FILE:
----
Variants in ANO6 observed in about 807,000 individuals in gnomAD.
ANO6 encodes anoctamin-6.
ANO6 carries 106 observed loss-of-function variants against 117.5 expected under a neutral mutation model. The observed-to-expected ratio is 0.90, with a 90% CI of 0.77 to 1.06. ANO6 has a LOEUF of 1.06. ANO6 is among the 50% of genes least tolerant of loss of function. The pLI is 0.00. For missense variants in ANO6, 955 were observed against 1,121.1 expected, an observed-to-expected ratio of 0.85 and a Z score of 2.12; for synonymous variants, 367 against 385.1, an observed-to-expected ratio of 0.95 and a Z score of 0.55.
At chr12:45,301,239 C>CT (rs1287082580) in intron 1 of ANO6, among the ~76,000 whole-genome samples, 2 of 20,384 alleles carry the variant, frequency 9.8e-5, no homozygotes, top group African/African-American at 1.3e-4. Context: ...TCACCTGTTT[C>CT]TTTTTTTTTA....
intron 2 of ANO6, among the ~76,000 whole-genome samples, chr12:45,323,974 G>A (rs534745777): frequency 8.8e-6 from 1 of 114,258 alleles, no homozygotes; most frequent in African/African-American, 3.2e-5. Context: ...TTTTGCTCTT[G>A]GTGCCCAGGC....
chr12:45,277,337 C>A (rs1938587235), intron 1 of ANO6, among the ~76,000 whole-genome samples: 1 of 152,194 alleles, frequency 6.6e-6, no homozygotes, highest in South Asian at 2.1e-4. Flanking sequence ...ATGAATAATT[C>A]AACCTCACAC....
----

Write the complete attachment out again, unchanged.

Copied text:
Variants in ANO6 observed in about 807,000 individuals in gnomAD.
ANO6 encodes anoctamin-6.
ANO6 carries 106 observed loss-of-function variants against 117.5 expected under a neutral mutation model. The observed-to-expected ratio is 0.90, with a 90% CI of 0.77 to 1.06. ANO6 has a LOEUF of 1.06. ANO6 is among the 50% of genes least tolerant of loss of function. The pLI is 0.00. For missense variants in ANO6, 955 were observed against 1,121.1 expected, an observed-to-expected ratio of 0.85 and a Z score of 2.12; for synonymous variants, 367 against 385.1, an observed-to-expected ratio of 0.95 and a Z score of 0.55.
At chr12:45,301,239 C>CT (rs1287082580) in intron 1 of ANO6, among the ~76,000 whole-genome samples, 2 of 20,384 alleles carry the variant, frequency 9.8e-5, no homozygotes, top group African/African-American at 1.3e-4. Context: ...TCACCTGTTT[C>CT]TTTTTTTTTA....
intron 2 of ANO6, among the ~76,000 whole-genome samples, chr12:45,323,974 G>A (rs534745777): frequency 8.8e-6 from 1 of 114,258 alleles, no homozygotes; most frequent in African/African-American, 3.2e-5. Context: ...TTTTGCTCTT[G>A]GTGCCCAGGC....
chr12:45,277,337 C>A (rs1938587235), intron 1 of ANO6, among the ~76,000 whole-genome samples: 1 of 152,194 alleles, frequency 6.6e-6, no homozygotes, highest in South Asian at 2.1e-4. Flanking sequence ...ATGAATAATT[C>A]AACCTCACAC....